Transition to retirement pensions – are they still effective?

As people age, the everyday grind of full-time work can become increasingly tiresome. At the same time, many still enjoy the interest and challenges of the workplace. One way to help with this “work-life balance” at this stage of life is a Transition to Retirement (TTR) strategy.

Transition to retirement strategy explained

If you have reached your preservation age, (between age 55 and age 60 depending on your date of birth) this strategy allows you to reduce working hours and at the same time, commence a special type of pension withdrawal arrangement from your superannuation fund.

This means your take-home pay does not have to be reduced (and potentially increased) but allows more time away from work to experience other aspects of life whilst you’re still active and healthy.

Sometimes these arrangements are coupled with a “re-contribution strategy” where concessional contributions into the fund are maximised using a combination of pension withdrawals and tax savings to cover any shortfall in disposable income.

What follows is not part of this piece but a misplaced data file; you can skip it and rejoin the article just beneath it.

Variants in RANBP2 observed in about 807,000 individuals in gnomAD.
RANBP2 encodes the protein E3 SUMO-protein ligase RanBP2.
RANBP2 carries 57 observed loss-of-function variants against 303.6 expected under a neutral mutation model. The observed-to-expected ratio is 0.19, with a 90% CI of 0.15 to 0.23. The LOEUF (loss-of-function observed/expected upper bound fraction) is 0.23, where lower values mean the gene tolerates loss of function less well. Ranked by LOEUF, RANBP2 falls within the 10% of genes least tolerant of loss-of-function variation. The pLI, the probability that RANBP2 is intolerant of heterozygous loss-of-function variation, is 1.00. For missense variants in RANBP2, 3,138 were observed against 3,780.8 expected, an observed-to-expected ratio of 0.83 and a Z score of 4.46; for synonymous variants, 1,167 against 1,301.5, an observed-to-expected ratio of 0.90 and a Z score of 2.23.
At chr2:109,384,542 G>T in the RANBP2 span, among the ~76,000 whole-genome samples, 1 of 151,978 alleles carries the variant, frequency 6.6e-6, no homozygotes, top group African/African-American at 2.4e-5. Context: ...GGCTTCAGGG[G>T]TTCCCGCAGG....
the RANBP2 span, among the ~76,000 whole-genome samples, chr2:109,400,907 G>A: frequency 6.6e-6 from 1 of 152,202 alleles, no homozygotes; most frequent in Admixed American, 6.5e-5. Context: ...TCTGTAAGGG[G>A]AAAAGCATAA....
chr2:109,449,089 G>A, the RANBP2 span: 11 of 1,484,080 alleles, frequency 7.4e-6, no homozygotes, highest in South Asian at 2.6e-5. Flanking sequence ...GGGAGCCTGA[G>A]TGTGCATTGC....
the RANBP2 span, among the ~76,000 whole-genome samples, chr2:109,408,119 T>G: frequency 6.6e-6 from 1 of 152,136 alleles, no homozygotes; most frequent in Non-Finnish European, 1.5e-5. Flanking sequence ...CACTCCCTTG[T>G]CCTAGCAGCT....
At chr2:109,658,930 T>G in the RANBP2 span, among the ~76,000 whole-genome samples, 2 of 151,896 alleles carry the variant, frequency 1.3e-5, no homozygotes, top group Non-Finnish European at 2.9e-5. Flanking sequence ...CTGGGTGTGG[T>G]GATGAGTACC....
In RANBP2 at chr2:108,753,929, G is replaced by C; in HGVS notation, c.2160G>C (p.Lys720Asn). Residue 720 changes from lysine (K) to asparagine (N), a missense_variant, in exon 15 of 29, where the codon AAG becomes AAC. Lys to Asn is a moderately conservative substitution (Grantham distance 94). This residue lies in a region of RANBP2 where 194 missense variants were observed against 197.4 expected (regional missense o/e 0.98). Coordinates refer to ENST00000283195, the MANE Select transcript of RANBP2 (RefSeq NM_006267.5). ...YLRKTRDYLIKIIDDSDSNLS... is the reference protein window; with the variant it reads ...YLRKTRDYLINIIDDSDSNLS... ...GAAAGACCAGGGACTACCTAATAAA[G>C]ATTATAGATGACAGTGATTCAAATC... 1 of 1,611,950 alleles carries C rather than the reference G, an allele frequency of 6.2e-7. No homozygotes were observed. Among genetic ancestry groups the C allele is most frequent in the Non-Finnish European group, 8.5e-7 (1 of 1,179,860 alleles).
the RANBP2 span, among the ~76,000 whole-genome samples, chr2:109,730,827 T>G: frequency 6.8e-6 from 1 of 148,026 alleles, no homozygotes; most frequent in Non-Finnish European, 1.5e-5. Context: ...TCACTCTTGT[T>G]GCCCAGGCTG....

The table below outlines the preservation age applying to an individual:

Date of Birth Preservation age
Before 1/7/1960
1/7/1960 to 30/6/1961
1/7/1961 to 30/6/1962
1/7/1962 to 30/6/1963
1/7/1963 to 30/6/1964
After 30/6/1964

Transition to retirement strategy options

  1. Cut your hours, not income

This strategy focuses on using income from your transition to retirement pension so you can reduce your work hours, enjoy the same level of after-tax income and still maintain your lifestyle. The downside? Your super savings may decrease earlier than expected.

2. Ramp up your super

Choosing this option means you can continue to work full time, make additional super contributions via salary sacrifice and draw an income from your TTR pension to help fund your living expenses.

Remember that your salary sacrifice super contributions are taxed at 15% provided your concessional contributions fall within the applicable super contribution caps, while an additional 15% tax may be applicable for higher-income earners.

While still working full time, the 15% tax rate may potentially be lower than your marginal tax rate had you received this money as salary – this can help to reduce your tax bill and give your retirement savings a boost.

In a nutshell, this transition to retirement strategy allows you to contribute more to super than you draw as an income stream, while keeping your after-tax income the same.